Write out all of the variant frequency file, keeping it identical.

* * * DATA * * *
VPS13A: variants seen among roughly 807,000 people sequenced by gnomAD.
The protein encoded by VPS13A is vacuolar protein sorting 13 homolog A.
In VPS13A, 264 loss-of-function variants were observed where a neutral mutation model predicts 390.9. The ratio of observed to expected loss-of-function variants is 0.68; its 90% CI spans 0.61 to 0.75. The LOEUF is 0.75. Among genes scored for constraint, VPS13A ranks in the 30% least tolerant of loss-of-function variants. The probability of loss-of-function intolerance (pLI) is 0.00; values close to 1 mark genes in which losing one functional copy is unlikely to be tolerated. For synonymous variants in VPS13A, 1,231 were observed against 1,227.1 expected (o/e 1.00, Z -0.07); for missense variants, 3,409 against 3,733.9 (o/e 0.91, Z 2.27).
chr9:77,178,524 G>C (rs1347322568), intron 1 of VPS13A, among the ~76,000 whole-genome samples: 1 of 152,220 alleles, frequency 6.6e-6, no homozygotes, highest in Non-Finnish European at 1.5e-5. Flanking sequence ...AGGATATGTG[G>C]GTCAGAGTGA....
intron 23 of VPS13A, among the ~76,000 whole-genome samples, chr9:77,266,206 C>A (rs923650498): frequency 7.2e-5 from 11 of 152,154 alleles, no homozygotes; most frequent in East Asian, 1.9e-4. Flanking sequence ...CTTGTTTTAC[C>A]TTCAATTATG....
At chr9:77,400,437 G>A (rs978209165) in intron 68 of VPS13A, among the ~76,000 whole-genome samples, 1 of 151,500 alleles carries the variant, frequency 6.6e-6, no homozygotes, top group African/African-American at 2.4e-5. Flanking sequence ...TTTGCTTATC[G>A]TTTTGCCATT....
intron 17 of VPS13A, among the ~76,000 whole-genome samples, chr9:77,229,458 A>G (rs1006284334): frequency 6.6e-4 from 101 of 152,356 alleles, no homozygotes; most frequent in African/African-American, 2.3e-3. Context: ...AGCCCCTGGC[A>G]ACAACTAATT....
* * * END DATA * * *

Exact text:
VPS13A: variants seen among roughly 807,000 people sequenced by gnomAD.
The protein encoded by VPS13A is vacuolar protein sorting 13 homolog A.
In VPS13A, 264 loss-of-function variants were observed where a neutral mutation model predicts 390.9. The ratio of observed to expected loss-of-function variants is 0.68; its 90% CI spans 0.61 to 0.75. The LOEUF is 0.75. Among genes scored for constraint, VPS13A ranks in the 30% least tolerant of loss-of-function variants. The probability of loss-of-function intolerance (pLI) is 0.00; values close to 1 mark genes in which losing one functional copy is unlikely to be tolerated. For synonymous variants in VPS13A, 1,231 were observed against 1,227.1 expected (o/e 1.00, Z -0.07); for missense variants, 3,409 against 3,733.9 (o/e 0.91, Z 2.27).
chr9:77,178,524 G>C (rs1347322568), intron 1 of VPS13A, among the ~76,000 whole-genome samples: 1 of 152,220 alleles, frequency 6.6e-6, no homozygotes, highest in Non-Finnish European at 1.5e-5. Flanking sequence ...AGGATATGTG[G>C]GTCAGAGTGA....
intron 23 of VPS13A, among the ~76,000 whole-genome samples, chr9:77,266,206 C>A (rs923650498): frequency 7.2e-5 from 11 of 152,154 alleles, no homozygotes; most frequent in East Asian, 1.9e-4. Flanking sequence ...CTTGTTTTAC[C>A]TTCAATTATG....
At chr9:77,400,437 G>A (rs978209165) in intron 68 of VPS13A, among the ~76,000 whole-genome samples, 1 of 151,500 alleles carries the variant, frequency 6.6e-6, no homozygotes, top group African/African-American at 2.4e-5. Flanking sequence ...TTTGCTTATC[G>A]TTTTGCCATT....
intron 17 of VPS13A, among the ~76,000 whole-genome samples, chr9:77,229,458 A>G (rs1006284334): frequency 6.6e-4 from 101 of 152,356 alleles, no homozygotes; most frequent in African/African-American, 2.3e-3. Context: ...AGCCCCTGGC[A>G]ACAACTAATT....